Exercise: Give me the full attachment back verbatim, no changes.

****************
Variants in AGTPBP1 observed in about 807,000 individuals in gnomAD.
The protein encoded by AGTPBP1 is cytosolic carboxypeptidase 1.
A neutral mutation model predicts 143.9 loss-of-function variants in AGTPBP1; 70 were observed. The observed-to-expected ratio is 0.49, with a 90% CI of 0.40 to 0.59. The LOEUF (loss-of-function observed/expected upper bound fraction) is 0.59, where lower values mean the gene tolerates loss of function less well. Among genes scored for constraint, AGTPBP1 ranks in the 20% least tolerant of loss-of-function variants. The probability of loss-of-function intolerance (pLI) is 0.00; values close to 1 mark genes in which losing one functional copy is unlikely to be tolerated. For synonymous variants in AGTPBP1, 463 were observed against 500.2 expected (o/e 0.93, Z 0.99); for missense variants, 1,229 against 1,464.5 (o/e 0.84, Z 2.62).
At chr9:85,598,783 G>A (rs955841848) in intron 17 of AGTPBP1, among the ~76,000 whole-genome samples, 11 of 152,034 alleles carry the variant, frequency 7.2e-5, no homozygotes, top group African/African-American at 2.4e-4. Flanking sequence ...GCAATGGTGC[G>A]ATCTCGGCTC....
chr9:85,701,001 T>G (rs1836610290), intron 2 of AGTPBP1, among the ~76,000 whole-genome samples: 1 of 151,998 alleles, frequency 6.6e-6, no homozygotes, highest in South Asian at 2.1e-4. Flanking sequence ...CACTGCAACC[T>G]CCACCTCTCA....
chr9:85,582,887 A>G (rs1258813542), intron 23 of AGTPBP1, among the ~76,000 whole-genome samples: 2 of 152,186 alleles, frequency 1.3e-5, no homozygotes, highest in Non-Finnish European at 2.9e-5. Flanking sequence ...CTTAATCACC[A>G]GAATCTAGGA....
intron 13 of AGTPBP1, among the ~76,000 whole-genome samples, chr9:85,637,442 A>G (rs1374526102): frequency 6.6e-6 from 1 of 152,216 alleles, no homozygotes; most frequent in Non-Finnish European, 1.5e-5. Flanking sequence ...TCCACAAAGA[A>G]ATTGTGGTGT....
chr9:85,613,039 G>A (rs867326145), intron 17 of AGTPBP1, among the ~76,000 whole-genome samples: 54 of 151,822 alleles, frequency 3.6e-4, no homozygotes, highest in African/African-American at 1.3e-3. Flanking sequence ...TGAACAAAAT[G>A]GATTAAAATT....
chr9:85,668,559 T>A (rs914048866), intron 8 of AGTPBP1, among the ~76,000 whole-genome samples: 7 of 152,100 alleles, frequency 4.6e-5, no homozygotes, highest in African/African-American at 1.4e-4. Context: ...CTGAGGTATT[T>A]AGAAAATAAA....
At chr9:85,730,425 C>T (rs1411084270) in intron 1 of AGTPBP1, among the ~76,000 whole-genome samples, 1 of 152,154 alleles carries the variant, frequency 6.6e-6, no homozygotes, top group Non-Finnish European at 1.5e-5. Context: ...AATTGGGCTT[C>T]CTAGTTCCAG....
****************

Variants in AGTPBP1 observed in about 807,000 individuals in gnomAD.
The protein encoded by AGTPBP1 is cytosolic carboxypeptidase 1.
A neutral mutation model predicts 143.9 loss-of-function variants in AGTPBP1; 70 were observed. The observed-to-expected ratio is 0.49, with a 90% CI of 0.40 to 0.59. The LOEUF (loss-of-function observed/expected upper bound fraction) is 0.59, where lower values mean the gene tolerates loss of function less well. Among genes scored for constraint, AGTPBP1 ranks in the 20% least tolerant of loss-of-function variants. The probability of loss-of-function intolerance (pLI) is 0.00; values close to 1 mark genes in which losing one functional copy is unlikely to be tolerated. For synonymous variants in AGTPBP1, 463 were observed against 500.2 expected (o/e 0.93, Z 0.99); for missense variants, 1,229 against 1,464.5 (o/e 0.84, Z 2.62).
At chr9:85,598,783 G>A (rs955841848) in intron 17 of AGTPBP1, among the ~76,000 whole-genome samples, 11 of 152,034 alleles carry the variant, frequency 7.2e-5, no homozygotes, top group African/African-American at 2.4e-4. Flanking sequence ...GCAATGGTGC[G>A]ATCTCGGCTC....
chr9:85,701,001 T>G (rs1836610290), intron 2 of AGTPBP1, among the ~76,000 whole-genome samples: 1 of 151,998 alleles, frequency 6.6e-6, no homozygotes, highest in South Asian at 2.1e-4. Flanking sequence ...CACTGCAACC[T>G]CCACCTCTCA....
chr9:85,582,887 A>G (rs1258813542), intron 23 of AGTPBP1, among the ~76,000 whole-genome samples: 2 of 152,186 alleles, frequency 1.3e-5, no homozygotes, highest in Non-Finnish European at 2.9e-5. Flanking sequence ...CTTAATCACC[A>G]GAATCTAGGA....
intron 13 of AGTPBP1, among the ~76,000 whole-genome samples, chr9:85,637,442 A>G (rs1374526102): frequency 6.6e-6 from 1 of 152,216 alleles, no homozygotes; most frequent in Non-Finnish European, 1.5e-5. Flanking sequence ...TCCACAAAGA[A>G]ATTGTGGTGT....
chr9:85,613,039 G>A (rs867326145), intron 17 of AGTPBP1, among the ~76,000 whole-genome samples: 54 of 151,822 alleles, frequency 3.6e-4, no homozygotes, highest in African/African-American at 1.3e-3. Flanking sequence ...TGAACAAAAT[G>A]GATTAAAATT....
chr9:85,668,559 T>A (rs914048866), intron 8 of AGTPBP1, among the ~76,000 whole-genome samples: 7 of 152,100 alleles, frequency 4.6e-5, no homozygotes, highest in African/African-American at 1.4e-4. Context: ...CTGAGGTATT[T>A]AGAAAATAAA....
At chr9:85,730,425 C>T (rs1411084270) in intron 1 of AGTPBP1, among the ~76,000 whole-genome samples, 1 of 152,154 alleles carries the variant, frequency 6.6e-6, no homozygotes, top group Non-Finnish European at 1.5e-5. Context: ...AATTGGGCTT[C>T]CTAGTTCCAG....